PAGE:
The "Pyramid" of Canterbury Pilgrims: Estate Groups of Nobles, Clergy, and Freemen/-women

Nobility (petite) and retinue: Knight, Squire, Yeoman (NT);

Clergy, the High ("ceremonial/managerial") and the Mendicant ("begging/wandering/teaching"); and Secular Employees of the Clergy: the Prioress ("madame Eglentyne"), 2nd Nun, three Priests (? see Exp. Note and Textual Note), and Monk have taken "holy orders" swearing vows of poverty, chastity, and obedience to the Church; the Friar ("Huberd") took vows, too, but lived and worked among the people; the bishop's secular employees are the Summoner (bishop's "sheriff") and Pardoner (sells papal pardons for venal [minor] sins to raise money for the Church).

Free, high-status non-nobles, including guildsmen: Merchant, Clerk, Sergeant of the Lawe (lawyer), Frankeleyn (wealthy landowner); Haberdasshere (maker of hats and handkerchiefs), Carpenter, Webbe (weaver), Dyere, Tapycer (maker of tapestries). and their Cook; Shipman, Doctour of Physik, Wif of Bathe, Parson, Plowman (NT, the Parson's "brother," maybe a real sib or "good friend" or "comrade"); Reeve (estate overseer), Miller, Maunciple (purchasing agent for a large household), Chaucer-the-pilgrim, and "Oure Hoost," the keeper of the Tabard Inn (later identified as "Harry Baily").

For English 211 Students:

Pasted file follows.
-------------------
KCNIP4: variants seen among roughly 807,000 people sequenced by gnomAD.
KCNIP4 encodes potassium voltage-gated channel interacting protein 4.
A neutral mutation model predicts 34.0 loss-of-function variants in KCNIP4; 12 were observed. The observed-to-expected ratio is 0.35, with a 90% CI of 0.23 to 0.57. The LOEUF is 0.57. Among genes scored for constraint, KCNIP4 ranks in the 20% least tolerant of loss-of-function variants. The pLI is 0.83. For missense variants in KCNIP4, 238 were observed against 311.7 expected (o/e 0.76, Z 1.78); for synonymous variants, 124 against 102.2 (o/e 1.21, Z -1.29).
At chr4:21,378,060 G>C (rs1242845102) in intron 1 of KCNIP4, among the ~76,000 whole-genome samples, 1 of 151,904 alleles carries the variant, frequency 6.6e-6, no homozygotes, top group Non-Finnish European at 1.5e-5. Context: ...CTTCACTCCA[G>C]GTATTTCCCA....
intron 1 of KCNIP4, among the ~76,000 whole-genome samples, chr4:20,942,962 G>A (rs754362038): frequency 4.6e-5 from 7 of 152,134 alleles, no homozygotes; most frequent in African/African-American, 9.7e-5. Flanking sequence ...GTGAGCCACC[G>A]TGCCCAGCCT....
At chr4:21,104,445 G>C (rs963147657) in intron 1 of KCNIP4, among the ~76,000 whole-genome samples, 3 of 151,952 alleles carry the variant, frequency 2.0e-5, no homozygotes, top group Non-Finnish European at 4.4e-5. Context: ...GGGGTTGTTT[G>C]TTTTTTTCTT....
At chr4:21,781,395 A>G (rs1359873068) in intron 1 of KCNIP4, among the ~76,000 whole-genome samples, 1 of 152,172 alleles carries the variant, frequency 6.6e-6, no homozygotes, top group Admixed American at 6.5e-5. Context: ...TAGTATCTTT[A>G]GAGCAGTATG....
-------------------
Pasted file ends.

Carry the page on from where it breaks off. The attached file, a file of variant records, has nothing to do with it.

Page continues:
Today would be a good day to start exploring the Web pages that are hyperlinked to each assigned reading for 211.  The "General Prologue" of Canterbury Tales is a very complex work.  Our chatty narrator is about to overload your memory with details about many medieval people he is describing in detail.  How can we remember such a thing, like a series of Facebook pages from an era and culture unfamiliar to us?  Become methodical in your reading.  See the Web syllabus the next class and take its advice seriously.  Your first time through the "GP," you won't remember much.  I advise you to become a specialist in one pilgrim or a group of pilgrims, but also you should take into account what might recommend a pilgrim to your special attention.  I heartily recommend the Knight (and his entourage, the Squire and Yeoman) because the narrator makes such an example of them as an ideal or nearly ideal noble household.  You also should pay attention to the Miller and the Wife of Bath because we are going to read their tales.  The first is sort of obvious--Chaucer-the-Pilgrim, our narrator, places him first.  That indicates his social rank, as do the prologue orders of all the other pilgrims, from highest "estate" or rank to lowest, and among the lowest, from highest status to lowest.  Chaucer's narrator is giving us these portraits to prepare our expectations for what kind of tale these narrators will tell.  What does he emphasize about the pilgrim you are paying attention to?  Especially if you read the Knight with some care (i.e., do not ignore the footnotes!), reading either the Miller or Wife of Bath will get you set up to read the teller's tale with some sense of how they contrast with our noble Knight.  Each of them is intended to be massively different from the Knight.  Both Miller and Wife challenge the Knight's world view, and his tale in particular, with the tales they tell.  Their prologues also will put them into competition with some other teller/pilgrims, specifically the Reeve (vs. Miller), and the Pardoner, Friar, and Summoner (vs. the Wife of Bath).  That will give you lots to chew on about how these kinds of people might be competing for social and economic advantage in Chaucer's lifetime.  Midterm paper topics abound!